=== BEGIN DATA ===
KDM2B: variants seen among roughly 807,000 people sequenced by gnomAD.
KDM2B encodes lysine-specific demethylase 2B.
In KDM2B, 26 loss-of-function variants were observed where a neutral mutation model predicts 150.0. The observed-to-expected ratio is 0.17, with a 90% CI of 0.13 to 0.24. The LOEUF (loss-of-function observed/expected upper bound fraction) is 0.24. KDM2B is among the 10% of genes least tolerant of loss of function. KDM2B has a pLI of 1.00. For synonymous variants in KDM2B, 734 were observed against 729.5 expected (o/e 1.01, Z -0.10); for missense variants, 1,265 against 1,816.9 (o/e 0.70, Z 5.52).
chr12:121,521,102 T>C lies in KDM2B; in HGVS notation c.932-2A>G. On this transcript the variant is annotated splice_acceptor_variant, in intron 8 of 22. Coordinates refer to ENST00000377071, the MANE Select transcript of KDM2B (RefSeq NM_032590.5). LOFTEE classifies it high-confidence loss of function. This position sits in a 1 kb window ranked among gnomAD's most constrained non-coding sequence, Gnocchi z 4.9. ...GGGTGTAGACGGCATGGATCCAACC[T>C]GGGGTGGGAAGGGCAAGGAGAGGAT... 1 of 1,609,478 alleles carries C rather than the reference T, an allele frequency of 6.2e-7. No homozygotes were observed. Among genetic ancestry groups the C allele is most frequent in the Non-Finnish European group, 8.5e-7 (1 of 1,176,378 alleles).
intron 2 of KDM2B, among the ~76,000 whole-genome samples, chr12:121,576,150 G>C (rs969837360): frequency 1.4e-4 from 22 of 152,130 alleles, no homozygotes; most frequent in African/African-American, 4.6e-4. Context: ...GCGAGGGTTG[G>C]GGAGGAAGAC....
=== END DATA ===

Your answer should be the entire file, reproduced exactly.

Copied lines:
KDM2B: variants seen among roughly 807,000 people sequenced by gnomAD.
KDM2B encodes lysine-specific demethylase 2B.
In KDM2B, 26 loss-of-function variants were observed where a neutral mutation model predicts 150.0. The observed-to-expected ratio is 0.17, with a 90% CI of 0.13 to 0.24. The LOEUF (loss-of-function observed/expected upper bound fraction) is 0.24. KDM2B is among the 10% of genes least tolerant of loss of function. KDM2B has a pLI of 1.00. For synonymous variants in KDM2B, 734 were observed against 729.5 expected (o/e 1.01, Z -0.10); for missense variants, 1,265 against 1,816.9 (o/e 0.70, Z 5.52).
chr12:121,521,102 T>C lies in KDM2B; in HGVS notation c.932-2A>G. On this transcript the variant is annotated splice_acceptor_variant, in intron 8 of 22. Coordinates refer to ENST00000377071, the MANE Select transcript of KDM2B (RefSeq NM_032590.5). LOFTEE classifies it high-confidence loss of function. This position sits in a 1 kb window ranked among gnomAD's most constrained non-coding sequence, Gnocchi z 4.9. ...GGGTGTAGACGGCATGGATCCAACC[T>C]GGGGTGGGAAGGGCAAGGAGAGGAT... 1 of 1,609,478 alleles carries C rather than the reference T, an allele frequency of 6.2e-7. No homozygotes were observed. Among genetic ancestry groups the C allele is most frequent in the Non-Finnish European group, 8.5e-7 (1 of 1,176,378 alleles).
intron 2 of KDM2B, among the ~76,000 whole-genome samples, chr12:121,576,150 G>C (rs969837360): frequency 1.4e-4 from 22 of 152,130 alleles, no homozygotes; most frequent in African/African-American, 4.6e-4. Context: ...GCGAGGGTTG[G>C]GGAGGAAGAC....